By Richard Winters
My Rating: 4 out of 10
Larry and Richard (Andrew McCarthy, Jonathan Silverman) are two young executives that find an accounting error that could save the company two million dollars. They show their arrogant boss Bernie (Terry Kiser) the findings. He decides to reward them with a weekend at his beach house on the Hampton Island. However, unbeknownst to them Bernie also has mob connections and the mob decides to off him just as they get there. Antics ensue as the two young men must pretend that their dead boss is still alive.
It sounds rather mindless and I braced myself for the worst yet, at least at the beginning, it is surprisingly tolerable. The two leads are likable and have distinctive personalities. They mesh well and even have a few good exchanges. The pacing is decent and without the usual 80′s sloppiness or crudeness. It even culminates with a party that nicely satirizes the trendy, affluent set.
However, it collapses after this. The second half becomes stretched and one-dimensional and the action gets silly and cartoonish. There is a potential at making it slapstick, but like in the boat scene, it is not extended out enough. It seems almost amazing that such a simple and routine comedy could have been written by Robert Klane the same man who wrote Where’s Poppa?, which was so original and groundbreaking.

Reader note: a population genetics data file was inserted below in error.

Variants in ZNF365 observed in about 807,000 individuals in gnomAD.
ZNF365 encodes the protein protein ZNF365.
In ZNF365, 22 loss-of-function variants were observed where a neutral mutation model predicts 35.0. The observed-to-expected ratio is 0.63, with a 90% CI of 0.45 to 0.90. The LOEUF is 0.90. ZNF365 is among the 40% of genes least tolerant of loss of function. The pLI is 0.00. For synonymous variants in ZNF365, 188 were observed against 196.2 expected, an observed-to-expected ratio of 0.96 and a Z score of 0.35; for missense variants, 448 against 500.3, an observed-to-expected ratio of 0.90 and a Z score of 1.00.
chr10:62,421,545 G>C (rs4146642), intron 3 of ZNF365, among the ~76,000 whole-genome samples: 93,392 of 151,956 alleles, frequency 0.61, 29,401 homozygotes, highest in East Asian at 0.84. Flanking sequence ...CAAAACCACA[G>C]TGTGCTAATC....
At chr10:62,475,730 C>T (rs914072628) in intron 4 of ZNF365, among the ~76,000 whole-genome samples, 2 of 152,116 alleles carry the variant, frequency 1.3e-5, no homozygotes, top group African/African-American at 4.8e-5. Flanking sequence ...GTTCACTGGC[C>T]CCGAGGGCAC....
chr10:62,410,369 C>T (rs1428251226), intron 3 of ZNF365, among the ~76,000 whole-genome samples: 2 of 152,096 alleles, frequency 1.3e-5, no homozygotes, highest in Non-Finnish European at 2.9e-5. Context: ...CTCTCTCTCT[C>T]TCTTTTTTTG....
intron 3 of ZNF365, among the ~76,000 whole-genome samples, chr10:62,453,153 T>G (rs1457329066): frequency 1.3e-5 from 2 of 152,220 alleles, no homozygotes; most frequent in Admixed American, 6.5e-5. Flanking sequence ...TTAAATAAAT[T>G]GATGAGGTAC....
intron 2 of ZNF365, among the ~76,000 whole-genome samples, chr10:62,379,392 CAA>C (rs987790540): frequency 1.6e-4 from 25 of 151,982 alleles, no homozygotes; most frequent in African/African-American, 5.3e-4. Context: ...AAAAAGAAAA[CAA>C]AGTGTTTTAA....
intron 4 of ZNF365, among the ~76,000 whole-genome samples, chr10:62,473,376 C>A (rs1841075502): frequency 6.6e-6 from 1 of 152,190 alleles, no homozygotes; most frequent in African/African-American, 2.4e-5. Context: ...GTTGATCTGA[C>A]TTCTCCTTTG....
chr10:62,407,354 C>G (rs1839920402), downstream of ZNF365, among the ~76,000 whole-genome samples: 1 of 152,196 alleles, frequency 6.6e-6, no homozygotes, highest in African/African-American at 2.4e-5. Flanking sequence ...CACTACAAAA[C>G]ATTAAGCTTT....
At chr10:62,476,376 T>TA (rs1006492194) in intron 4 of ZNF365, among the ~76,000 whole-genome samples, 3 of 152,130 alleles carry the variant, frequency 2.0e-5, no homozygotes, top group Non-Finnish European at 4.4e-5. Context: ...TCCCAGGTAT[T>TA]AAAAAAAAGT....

Silverman was a good choice for the lead. He has the perfect composure and attitude for frantic comedy. McCarthy gives his part a lot of energy, but his face looks like it never reached puberty. Recycled supporting player Terry Kiser is fun as the arrogant boss, but having him become such a patsy to the mob seems disjointed. His best work actually comes when he is playing dead. Trying to remain motionless and unresponsive to everything happening around you is much harder than you think. It’s also fun to see a cameo by talented director Ted Kotcheff half- naked in his underwear playing Silverman’s dad.
If you are looking for fluffy, undemanding comedy then this should do the trick. However, others will find it vapid and lacking in any type of depth, or distinction.
My Rating: 4 out of 10
Released: July 5, 1989
Runtime: 1Hour 37Minutes
Director: Ted Kotcheff
Studio: 20th Century Fox
Available: VHS, DVD, Blu-ray, Amazon Instant Video